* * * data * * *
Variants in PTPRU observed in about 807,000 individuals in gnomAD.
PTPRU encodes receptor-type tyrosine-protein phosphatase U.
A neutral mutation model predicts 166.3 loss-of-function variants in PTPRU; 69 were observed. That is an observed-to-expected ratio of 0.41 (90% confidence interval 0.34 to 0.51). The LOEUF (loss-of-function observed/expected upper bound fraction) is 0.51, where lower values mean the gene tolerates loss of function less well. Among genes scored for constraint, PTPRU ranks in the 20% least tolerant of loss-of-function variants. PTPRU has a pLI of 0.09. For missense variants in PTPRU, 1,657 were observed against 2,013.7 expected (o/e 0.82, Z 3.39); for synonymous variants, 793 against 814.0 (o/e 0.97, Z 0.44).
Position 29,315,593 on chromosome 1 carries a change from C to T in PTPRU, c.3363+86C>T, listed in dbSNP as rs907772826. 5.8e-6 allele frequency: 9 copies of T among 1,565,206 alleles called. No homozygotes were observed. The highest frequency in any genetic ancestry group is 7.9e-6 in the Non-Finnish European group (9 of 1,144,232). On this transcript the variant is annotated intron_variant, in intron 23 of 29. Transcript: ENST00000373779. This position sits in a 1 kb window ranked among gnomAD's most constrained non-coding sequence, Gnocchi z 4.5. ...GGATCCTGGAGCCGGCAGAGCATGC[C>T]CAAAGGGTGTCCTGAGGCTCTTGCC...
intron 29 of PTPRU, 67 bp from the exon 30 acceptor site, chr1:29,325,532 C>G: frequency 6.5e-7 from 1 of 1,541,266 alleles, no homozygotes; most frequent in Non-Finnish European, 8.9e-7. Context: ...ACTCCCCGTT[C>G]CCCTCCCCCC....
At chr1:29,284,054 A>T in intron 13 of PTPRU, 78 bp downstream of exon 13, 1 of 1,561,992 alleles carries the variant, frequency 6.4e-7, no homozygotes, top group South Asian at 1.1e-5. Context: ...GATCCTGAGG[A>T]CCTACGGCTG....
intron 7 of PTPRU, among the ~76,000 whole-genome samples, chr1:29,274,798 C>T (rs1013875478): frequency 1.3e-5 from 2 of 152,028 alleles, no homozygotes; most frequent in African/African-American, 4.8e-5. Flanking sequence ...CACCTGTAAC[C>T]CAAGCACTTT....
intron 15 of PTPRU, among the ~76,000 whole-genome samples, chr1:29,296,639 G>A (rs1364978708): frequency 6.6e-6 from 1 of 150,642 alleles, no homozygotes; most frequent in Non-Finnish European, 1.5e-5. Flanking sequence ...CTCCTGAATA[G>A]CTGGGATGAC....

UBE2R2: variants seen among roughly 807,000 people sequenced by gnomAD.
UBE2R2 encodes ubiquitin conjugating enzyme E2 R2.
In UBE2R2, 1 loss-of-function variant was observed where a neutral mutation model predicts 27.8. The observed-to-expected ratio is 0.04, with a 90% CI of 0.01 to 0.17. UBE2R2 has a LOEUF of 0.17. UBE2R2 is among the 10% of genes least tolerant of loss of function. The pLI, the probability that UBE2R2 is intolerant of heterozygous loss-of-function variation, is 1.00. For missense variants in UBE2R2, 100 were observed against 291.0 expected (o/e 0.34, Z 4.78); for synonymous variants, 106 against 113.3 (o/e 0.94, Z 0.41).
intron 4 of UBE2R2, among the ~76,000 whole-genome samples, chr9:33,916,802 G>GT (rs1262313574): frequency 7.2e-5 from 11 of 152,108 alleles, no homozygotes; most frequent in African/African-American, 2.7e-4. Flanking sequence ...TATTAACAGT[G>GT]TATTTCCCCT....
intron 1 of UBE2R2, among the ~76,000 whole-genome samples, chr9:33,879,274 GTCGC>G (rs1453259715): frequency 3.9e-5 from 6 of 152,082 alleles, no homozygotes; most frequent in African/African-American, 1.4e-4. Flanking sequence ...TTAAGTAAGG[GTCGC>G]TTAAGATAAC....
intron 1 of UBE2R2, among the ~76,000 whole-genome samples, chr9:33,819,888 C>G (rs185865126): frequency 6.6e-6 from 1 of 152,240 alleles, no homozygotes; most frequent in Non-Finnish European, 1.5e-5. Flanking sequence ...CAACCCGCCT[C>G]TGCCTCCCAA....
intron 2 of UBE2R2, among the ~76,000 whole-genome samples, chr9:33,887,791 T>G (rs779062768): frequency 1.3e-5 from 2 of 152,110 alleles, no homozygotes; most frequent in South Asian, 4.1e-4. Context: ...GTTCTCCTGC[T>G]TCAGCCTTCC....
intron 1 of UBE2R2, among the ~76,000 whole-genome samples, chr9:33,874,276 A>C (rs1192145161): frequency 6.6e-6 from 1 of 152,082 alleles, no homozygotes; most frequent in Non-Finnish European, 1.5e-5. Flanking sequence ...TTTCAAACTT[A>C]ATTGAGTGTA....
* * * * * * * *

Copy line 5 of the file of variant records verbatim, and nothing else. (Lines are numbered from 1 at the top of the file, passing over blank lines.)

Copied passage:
intron 29 of PTPRU, 67 bp from the exon 30 acceptor site, chr1:29,325,532 C>G: frequency 6.5e-7 from 1 of 1,541,266 alleles, no homozygotes; most frequent in Non-Finnish European, 8.9e-7. Context: ...ACTCCCCGTT[C>G]CCCTCCCCCC....